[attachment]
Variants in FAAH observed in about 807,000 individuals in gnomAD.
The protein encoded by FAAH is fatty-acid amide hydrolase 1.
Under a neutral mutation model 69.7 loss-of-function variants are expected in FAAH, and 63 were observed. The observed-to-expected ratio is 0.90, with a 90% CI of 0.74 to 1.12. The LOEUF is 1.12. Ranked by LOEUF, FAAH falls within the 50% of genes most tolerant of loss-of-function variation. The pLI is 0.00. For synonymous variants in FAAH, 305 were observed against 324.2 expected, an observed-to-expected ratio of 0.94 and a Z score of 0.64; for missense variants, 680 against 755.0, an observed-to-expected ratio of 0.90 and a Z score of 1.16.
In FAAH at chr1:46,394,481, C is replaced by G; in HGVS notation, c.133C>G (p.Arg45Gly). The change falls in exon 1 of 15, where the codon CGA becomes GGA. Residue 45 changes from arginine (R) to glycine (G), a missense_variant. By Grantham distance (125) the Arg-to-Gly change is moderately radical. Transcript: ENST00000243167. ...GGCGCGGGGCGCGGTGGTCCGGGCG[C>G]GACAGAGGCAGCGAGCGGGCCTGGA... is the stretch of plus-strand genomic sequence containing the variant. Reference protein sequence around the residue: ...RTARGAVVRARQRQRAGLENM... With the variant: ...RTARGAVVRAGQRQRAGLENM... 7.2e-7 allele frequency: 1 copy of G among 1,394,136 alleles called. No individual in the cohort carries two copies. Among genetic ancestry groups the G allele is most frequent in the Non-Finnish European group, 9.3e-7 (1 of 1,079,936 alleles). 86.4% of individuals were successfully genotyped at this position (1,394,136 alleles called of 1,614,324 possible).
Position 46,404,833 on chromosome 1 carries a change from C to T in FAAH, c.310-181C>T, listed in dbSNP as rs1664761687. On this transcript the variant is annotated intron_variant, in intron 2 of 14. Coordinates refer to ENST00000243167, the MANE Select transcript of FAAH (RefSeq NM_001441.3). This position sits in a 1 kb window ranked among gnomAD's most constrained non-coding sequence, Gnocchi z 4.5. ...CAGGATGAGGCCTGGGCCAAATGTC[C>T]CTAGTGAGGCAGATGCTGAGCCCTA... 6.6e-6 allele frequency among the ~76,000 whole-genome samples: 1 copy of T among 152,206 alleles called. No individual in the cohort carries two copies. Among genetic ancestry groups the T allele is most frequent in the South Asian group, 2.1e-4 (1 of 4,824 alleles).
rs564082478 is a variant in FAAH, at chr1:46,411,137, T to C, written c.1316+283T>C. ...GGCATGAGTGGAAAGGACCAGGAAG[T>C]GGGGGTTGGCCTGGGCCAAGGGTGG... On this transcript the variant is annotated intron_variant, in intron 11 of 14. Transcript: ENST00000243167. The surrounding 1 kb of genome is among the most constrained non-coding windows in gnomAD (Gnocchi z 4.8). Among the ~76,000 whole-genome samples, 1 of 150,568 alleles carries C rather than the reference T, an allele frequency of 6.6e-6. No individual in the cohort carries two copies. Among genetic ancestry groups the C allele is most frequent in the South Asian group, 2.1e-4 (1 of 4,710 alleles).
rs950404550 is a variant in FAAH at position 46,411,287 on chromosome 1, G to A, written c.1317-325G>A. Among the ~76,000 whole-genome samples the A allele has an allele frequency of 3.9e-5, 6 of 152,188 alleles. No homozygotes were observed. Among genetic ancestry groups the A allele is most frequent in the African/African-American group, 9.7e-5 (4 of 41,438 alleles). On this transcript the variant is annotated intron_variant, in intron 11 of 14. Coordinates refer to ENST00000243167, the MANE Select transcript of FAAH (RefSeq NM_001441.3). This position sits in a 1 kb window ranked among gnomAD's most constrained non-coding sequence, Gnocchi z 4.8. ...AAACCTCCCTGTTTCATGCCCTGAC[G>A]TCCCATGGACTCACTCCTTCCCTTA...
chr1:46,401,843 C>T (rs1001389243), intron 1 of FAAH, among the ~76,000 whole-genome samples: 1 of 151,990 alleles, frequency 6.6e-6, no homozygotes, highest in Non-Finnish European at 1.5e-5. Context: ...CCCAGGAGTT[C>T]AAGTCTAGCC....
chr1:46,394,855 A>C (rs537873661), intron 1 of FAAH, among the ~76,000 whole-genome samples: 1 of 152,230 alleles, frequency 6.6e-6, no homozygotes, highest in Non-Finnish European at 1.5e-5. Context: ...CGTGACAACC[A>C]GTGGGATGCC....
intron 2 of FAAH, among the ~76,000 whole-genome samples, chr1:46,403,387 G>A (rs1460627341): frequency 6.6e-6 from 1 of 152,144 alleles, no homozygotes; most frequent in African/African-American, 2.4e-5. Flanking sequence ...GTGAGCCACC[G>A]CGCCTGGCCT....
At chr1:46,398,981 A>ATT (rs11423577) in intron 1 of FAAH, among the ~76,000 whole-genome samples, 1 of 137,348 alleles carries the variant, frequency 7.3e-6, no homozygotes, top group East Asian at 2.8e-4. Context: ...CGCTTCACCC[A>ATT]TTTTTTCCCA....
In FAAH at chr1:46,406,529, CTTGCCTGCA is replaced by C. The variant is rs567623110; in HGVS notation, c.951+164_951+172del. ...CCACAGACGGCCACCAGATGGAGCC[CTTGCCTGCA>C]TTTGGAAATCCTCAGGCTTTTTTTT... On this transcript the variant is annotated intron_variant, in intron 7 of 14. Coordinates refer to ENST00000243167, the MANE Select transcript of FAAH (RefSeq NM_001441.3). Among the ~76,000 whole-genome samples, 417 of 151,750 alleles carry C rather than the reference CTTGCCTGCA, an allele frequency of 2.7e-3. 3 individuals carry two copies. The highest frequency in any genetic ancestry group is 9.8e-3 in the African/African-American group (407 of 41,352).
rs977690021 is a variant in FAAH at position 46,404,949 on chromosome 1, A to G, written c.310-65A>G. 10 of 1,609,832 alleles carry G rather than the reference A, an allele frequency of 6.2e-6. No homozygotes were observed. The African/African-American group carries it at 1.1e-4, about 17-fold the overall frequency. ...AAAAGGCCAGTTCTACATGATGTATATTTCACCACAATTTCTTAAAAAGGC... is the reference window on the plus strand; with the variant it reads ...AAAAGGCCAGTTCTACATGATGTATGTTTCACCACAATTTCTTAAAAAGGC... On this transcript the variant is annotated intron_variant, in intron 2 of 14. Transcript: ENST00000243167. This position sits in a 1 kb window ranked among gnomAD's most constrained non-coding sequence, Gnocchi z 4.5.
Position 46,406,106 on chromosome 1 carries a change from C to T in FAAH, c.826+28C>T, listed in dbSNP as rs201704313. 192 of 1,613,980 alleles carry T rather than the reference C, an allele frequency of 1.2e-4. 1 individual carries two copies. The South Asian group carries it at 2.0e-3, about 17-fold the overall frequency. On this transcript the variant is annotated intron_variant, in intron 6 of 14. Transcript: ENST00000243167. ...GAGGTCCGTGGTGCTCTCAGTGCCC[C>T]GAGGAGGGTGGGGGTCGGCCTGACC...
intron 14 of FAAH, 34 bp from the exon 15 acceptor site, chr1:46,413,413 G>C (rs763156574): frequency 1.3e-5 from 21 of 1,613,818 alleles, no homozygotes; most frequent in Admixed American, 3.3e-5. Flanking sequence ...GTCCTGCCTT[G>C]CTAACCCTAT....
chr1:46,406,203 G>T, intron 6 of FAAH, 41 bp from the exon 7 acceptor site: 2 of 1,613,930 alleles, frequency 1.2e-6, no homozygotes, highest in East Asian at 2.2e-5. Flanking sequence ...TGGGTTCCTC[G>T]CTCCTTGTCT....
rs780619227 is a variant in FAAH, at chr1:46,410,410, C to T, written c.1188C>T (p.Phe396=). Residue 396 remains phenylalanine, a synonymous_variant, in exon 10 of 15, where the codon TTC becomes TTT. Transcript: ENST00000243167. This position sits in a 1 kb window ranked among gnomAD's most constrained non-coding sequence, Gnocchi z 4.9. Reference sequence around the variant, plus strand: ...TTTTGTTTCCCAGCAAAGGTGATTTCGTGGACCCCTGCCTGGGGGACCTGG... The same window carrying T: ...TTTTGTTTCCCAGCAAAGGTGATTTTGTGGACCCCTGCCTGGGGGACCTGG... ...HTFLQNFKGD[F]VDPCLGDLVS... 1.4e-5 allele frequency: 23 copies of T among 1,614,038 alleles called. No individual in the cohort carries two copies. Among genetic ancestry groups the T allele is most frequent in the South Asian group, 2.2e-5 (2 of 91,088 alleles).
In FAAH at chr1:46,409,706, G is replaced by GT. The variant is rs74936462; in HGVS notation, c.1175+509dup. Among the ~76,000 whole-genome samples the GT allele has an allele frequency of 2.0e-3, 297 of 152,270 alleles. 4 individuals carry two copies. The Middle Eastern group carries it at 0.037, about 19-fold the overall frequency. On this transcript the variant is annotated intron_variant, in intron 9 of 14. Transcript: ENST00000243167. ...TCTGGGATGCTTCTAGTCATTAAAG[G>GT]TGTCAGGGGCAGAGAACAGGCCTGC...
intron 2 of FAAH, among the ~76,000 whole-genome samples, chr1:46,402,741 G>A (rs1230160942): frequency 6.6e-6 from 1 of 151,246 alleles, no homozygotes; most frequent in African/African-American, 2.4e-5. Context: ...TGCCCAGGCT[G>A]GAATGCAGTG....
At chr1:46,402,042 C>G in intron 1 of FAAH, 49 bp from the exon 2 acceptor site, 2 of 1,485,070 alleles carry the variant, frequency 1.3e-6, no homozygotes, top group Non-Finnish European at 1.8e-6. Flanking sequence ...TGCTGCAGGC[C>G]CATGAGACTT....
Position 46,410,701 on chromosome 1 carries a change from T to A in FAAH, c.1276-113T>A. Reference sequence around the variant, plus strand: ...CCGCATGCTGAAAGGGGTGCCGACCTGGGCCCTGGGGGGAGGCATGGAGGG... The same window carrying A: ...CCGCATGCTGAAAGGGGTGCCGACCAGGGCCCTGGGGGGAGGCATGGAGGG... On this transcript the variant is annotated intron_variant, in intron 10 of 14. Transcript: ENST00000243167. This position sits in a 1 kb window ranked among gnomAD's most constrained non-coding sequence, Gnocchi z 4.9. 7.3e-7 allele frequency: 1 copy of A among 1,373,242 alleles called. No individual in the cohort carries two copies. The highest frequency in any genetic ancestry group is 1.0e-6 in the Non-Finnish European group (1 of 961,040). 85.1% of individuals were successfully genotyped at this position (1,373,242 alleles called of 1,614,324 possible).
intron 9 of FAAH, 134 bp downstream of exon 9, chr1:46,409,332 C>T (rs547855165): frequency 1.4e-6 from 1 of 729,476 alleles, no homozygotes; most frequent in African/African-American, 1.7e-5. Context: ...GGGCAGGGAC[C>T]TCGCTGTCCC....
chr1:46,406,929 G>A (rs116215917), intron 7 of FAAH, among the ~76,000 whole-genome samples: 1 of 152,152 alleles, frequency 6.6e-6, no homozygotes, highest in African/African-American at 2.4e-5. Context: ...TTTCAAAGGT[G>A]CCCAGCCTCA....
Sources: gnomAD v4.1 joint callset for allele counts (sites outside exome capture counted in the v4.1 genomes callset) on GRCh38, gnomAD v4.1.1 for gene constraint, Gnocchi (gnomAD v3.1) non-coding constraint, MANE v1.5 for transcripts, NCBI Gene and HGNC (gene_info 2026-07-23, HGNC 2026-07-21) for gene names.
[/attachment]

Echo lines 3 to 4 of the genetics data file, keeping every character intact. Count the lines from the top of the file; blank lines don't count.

Under a neutral mutation model 69.7 loss-of-function variants are expected in FAAH, and 63 were observed. The observed-to-expected ratio is 0.90, with a 90% CI of 0.74 to 1.12. The LOEUF is 1.12. Ranked by LOEUF, FAAH falls within the 50% of genes most tolerant of loss-of-function variation. The pLI is 0.00. For synonymous variants in FAAH, 305 were observed against 324.2 expected, an observed-to-expected ratio of 0.94 and a Z score of 0.64; for missense variants, 680 against 755.0, an observed-to-expected ratio of 0.90 and a Z score of 1.16.
In FAAH at chr1:46,394,481, C is replaced by G; in HGVS notation, c.133C>G (p.Arg45Gly). The change falls in exon 1 of 15, where the codon CGA becomes GGA. Residue 45 changes from arginine (R) to glycine (G), a missense_variant. By Grantham distance (125) the Arg-to-Gly change is moderately radical. Transcript: ENST00000243167. ...GGCGCGGGGCGCGGTGGTCCGGGCG[C>G]GACAGAGGCAGCGAGCGGGCCTGGA... is the stretch of plus-strand genomic sequence containing the variant. Reference protein sequence around the residue: ...RTARGAVVRARQRQRAGLENM... With the variant: ...RTARGAVVRAGQRQRAGLENM... 7.2e-7 allele frequency: 1 copy of G among 1,394,136 alleles called. No individual in the cohort carries two copies. Among genetic ancestry groups the G allele is most frequent in the Non-Finnish European group, 9.3e-7 (1 of 1,079,936 alleles). 86.4% of individuals were successfully genotyped at this position (1,394,136 alleles called of 1,614,324 possible).